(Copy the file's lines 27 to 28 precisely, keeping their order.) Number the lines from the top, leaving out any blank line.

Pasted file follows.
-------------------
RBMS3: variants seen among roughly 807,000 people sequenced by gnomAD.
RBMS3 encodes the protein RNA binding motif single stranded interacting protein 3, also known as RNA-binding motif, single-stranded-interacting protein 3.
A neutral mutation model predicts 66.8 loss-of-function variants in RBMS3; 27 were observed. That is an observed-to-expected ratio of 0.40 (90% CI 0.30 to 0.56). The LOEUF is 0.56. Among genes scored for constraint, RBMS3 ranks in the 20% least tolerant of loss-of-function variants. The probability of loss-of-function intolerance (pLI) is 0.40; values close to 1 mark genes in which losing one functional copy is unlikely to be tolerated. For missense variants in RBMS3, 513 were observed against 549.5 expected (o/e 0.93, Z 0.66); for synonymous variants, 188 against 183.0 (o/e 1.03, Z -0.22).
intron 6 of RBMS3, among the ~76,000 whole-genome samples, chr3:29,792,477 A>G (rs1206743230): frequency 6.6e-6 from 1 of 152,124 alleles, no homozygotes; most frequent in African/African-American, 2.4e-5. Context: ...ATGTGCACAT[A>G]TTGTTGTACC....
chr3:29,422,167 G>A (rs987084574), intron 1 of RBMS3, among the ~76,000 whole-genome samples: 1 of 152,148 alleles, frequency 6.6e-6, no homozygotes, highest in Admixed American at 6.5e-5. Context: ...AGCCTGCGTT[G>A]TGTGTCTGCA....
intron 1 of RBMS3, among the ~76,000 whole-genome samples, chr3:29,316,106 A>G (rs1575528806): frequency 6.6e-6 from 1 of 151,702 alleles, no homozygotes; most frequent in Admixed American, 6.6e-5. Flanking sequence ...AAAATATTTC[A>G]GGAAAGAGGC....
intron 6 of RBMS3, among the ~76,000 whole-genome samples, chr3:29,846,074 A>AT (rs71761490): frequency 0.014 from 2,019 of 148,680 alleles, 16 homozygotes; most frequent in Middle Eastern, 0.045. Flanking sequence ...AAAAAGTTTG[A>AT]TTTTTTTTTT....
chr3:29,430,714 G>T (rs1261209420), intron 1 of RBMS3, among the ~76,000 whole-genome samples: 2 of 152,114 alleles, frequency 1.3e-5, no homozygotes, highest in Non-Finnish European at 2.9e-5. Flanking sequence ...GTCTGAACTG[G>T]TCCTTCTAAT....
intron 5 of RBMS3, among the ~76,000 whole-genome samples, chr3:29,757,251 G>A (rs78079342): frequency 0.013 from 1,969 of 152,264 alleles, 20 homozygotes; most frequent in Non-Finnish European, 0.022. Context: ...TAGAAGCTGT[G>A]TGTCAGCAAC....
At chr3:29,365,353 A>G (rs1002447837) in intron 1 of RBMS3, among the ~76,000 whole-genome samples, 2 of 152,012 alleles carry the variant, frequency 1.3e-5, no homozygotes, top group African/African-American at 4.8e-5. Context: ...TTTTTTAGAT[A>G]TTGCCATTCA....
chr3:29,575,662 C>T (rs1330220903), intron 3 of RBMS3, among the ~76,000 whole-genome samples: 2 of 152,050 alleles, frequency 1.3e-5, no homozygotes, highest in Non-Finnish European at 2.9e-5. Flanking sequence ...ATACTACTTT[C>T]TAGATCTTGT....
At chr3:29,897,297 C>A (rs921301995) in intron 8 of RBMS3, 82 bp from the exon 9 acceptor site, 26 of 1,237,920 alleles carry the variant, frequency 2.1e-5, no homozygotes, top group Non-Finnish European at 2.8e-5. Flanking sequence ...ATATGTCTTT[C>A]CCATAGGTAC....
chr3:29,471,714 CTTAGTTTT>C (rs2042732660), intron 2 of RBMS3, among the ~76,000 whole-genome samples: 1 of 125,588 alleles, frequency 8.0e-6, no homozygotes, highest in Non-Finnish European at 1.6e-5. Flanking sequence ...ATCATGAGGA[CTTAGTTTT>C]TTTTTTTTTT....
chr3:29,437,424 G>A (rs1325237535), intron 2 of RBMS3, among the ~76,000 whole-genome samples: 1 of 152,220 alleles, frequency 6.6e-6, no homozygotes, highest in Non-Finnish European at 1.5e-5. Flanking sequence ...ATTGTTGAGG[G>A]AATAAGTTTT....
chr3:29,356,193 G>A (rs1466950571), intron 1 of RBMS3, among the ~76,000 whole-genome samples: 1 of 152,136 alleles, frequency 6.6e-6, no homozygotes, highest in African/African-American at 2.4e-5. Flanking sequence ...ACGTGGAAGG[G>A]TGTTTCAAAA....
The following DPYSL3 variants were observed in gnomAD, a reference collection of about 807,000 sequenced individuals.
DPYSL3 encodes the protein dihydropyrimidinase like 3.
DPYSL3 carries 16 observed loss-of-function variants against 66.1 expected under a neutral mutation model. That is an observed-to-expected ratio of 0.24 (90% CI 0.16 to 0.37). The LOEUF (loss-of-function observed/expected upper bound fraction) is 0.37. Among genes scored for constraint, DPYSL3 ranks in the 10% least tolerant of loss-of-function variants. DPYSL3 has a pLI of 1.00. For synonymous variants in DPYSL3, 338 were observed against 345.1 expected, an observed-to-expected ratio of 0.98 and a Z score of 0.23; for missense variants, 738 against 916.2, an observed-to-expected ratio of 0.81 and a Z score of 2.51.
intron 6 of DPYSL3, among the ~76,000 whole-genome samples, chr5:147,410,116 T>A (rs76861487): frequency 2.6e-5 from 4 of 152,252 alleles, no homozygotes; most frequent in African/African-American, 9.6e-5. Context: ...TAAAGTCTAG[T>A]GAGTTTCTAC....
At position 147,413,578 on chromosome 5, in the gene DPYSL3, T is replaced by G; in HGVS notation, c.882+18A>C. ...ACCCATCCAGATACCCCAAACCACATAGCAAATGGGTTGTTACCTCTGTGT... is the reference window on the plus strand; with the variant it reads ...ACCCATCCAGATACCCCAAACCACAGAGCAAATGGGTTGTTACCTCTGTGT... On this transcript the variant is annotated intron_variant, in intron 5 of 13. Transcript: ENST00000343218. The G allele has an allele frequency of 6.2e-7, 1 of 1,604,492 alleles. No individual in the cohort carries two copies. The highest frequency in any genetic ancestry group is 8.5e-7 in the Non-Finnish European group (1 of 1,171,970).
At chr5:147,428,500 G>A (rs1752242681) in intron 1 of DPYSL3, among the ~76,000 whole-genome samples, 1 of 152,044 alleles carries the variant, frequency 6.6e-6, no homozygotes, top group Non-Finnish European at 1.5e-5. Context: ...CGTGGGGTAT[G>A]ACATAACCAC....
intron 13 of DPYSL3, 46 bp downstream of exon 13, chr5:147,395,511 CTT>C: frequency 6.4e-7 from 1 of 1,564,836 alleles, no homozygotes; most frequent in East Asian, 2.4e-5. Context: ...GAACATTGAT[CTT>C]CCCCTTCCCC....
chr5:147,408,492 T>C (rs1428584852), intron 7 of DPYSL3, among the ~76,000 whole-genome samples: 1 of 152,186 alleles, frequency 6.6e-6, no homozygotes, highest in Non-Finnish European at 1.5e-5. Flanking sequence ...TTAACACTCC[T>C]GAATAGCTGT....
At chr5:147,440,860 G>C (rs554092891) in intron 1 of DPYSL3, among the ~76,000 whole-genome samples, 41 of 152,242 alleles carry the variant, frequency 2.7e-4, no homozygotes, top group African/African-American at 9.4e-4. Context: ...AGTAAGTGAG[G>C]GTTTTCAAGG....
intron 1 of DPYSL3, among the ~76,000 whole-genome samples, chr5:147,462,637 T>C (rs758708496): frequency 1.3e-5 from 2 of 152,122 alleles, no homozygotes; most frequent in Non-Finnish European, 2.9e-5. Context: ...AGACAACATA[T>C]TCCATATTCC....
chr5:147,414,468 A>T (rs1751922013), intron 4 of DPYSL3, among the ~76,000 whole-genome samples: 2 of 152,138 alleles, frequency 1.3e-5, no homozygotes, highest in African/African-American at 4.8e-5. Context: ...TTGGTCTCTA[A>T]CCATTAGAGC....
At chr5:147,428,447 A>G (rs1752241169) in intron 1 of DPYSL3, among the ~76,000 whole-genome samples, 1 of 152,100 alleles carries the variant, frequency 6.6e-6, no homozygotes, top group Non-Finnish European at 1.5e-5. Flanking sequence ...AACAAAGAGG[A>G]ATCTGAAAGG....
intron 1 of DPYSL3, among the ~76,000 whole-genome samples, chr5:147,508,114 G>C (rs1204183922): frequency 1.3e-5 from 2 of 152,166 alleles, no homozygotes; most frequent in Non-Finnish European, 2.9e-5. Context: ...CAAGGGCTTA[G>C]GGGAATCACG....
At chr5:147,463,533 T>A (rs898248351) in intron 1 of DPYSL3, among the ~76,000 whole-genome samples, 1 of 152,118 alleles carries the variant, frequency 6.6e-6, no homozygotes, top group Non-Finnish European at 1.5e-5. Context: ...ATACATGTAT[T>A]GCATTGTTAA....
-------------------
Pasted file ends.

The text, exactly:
At chr5:147,428,447 A>G (rs1752241169) in intron 1 of DPYSL3, among the ~76,000 whole-genome samples, 1 of 152,100 alleles carries the variant, frequency 6.6e-6, no homozygotes, top group Non-Finnish European at 1.5e-5. Flanking sequence ...AACAAAGAGG[A>G]ATCTGAAAGG....
intron 1 of DPYSL3, among the ~76,000 whole-genome samples, chr5:147,508,114 G>C (rs1204183922): frequency 1.3e-5 from 2 of 152,166 alleles, no homozygotes; most frequent in Non-Finnish European, 2.9e-5. Context: ...CAAGGGCTTA[G>C]GGGAATCACG....